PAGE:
The author of the piece, Hannah Beckerman, wonders were he finds time for such therapy, given that he’s always writing three projects at any one time biography in the morning, history book in the afternoon, fiction in the evening. His answer: “If you cut up your day well enough, it’s perfectly possible to do anything.” No doubt.
Ackroyd and I did share an American agent for a while. She didn’t have many tales of his walking, though there were a few of him falling over drunk and being bundled into taxis. There was also talk that he’d reformed.
I’m not very good at cutting up my day. There are some days on which I do very little work at all – because of a combination of sloth and self-doubt - which means there are days when I actually spend more time walking that I spend writing. But I don’t insist on it.
Tuesday, May 10, 2016
It’s a good few decades since I first read the opening lines of the “Proteus” chapter in Ulysses, the chapter in which Stephen Dedalus walks along Sandymount Strand. I read the words "Ineluctable modality of the visible," reached for the dictionary and looked up the meaning both of ineluctable and modality, and I think I was at least very slightly wiser afterwards.
Now I know, or at least I’m given to understand, that this is a reference to Aristotelian notions of form and substance, that what the eye sees is not inherent in the thing seen. At one point Stephen closes his eyes and wonders if the world still exists, to which the all too obvious answer is “Duh.”
At the very least I suppose those words mean that we can’t escape the visual, though I’m not sure why we’d want to.
And of course there’s a double bluff going on here, in that Joyce’s novel is transforming a visual experience (though obviously not only a visual experience) into a verbal one, into a text. And I often think, as I walk in the world, that the separation between the verbal and the visual is largely a false one.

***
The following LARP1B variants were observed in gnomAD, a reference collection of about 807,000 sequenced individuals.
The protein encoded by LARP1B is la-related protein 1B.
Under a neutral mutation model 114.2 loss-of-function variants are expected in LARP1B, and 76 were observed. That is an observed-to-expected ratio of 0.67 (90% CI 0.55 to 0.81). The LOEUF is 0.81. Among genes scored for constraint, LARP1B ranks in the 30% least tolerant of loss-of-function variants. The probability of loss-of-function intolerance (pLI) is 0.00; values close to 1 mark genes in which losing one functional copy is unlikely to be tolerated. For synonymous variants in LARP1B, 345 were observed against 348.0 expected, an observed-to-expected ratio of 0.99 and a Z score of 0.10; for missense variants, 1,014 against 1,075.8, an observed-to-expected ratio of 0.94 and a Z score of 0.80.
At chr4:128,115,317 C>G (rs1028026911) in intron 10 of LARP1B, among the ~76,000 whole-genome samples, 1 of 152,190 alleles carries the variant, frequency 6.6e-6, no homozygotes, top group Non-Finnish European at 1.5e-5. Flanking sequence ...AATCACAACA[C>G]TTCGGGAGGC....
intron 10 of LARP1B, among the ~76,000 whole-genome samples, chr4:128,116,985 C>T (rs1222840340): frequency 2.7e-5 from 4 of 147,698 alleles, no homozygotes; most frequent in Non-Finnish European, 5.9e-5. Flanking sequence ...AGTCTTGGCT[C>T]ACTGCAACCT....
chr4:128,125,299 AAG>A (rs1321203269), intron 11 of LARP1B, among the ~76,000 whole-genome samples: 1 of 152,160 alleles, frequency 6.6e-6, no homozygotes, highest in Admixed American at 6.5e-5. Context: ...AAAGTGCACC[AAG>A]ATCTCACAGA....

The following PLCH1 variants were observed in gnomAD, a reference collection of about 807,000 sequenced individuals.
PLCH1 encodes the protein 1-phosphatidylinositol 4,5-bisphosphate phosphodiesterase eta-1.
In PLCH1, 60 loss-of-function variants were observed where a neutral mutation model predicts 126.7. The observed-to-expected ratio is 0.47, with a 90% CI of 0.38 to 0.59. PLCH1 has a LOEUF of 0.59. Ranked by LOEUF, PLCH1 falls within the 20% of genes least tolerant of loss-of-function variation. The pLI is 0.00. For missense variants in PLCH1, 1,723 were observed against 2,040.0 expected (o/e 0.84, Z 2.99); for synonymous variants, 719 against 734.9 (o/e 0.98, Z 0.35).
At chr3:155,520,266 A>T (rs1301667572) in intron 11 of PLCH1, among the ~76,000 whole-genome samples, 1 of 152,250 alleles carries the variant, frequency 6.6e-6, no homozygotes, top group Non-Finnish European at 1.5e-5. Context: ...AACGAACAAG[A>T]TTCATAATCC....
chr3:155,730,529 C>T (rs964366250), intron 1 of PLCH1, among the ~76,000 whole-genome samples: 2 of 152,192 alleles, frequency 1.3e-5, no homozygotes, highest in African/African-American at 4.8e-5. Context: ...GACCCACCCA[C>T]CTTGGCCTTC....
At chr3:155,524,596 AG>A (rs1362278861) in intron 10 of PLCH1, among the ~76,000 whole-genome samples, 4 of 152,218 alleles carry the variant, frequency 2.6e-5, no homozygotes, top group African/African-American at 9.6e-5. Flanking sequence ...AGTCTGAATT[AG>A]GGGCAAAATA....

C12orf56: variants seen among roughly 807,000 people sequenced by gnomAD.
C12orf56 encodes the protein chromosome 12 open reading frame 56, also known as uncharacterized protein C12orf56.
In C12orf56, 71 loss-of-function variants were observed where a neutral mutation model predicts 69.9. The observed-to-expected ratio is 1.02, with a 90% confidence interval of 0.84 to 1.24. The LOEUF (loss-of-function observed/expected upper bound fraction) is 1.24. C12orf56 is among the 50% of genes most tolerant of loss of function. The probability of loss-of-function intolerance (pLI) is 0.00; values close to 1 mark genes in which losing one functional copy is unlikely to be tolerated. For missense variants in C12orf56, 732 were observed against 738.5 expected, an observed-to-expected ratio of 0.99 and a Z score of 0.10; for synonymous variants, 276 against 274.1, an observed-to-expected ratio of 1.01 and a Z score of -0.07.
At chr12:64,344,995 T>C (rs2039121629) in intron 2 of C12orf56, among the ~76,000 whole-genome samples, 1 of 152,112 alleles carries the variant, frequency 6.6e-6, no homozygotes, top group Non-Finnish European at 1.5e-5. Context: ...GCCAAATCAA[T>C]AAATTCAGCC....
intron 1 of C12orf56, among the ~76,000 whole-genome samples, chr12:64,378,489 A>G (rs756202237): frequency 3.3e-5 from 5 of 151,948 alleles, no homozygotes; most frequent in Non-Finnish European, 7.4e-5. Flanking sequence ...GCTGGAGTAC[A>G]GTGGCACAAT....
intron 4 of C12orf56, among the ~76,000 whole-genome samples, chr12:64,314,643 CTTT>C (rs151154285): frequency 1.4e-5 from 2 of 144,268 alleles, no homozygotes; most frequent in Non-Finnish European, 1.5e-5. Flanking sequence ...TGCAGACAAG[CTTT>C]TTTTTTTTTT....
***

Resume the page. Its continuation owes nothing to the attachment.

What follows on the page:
I’m a writer and I love words, but a lot of the time I write about what I see. And occasionally I take a photograph to capture details that I might otherwise forget, even as I accept that taking the photograph changes the nature of forgetting and remembering.
But the fact is, the world I see when I’m walking is full of language, visible language, words in a landscape. Cities seem to be full of fragmented poetry and prose, right there on the wall or the floor, and very occasionally up in the sky.
Monday, May 9, 2016
Monday, May 2, 2016
Maybe everybody in Los Angeles knows this already …
Getting on the subway at Pershing Square station yesterday afternoon, the board told me I had 14 minutes to wait till the next train. Even when I’m not being a walker I’m quite an obsessive pacer so I tramped back and forth, up and down the platform, trying to find things to look at.
It’s got some neon sculptures overhead which are kind of OK, but I settled on looking at the fire hoses and fire extinguishers, which are stored behind glass and frankly look as though they’d be quite a bit of trouble to access should you have need of them. But then, imagine the joy of discovering that the extinguishers are supplied and serviced by a company named Marx Brothers.
What could go wrong? It made the wait, and the pacing, totally worthwhile.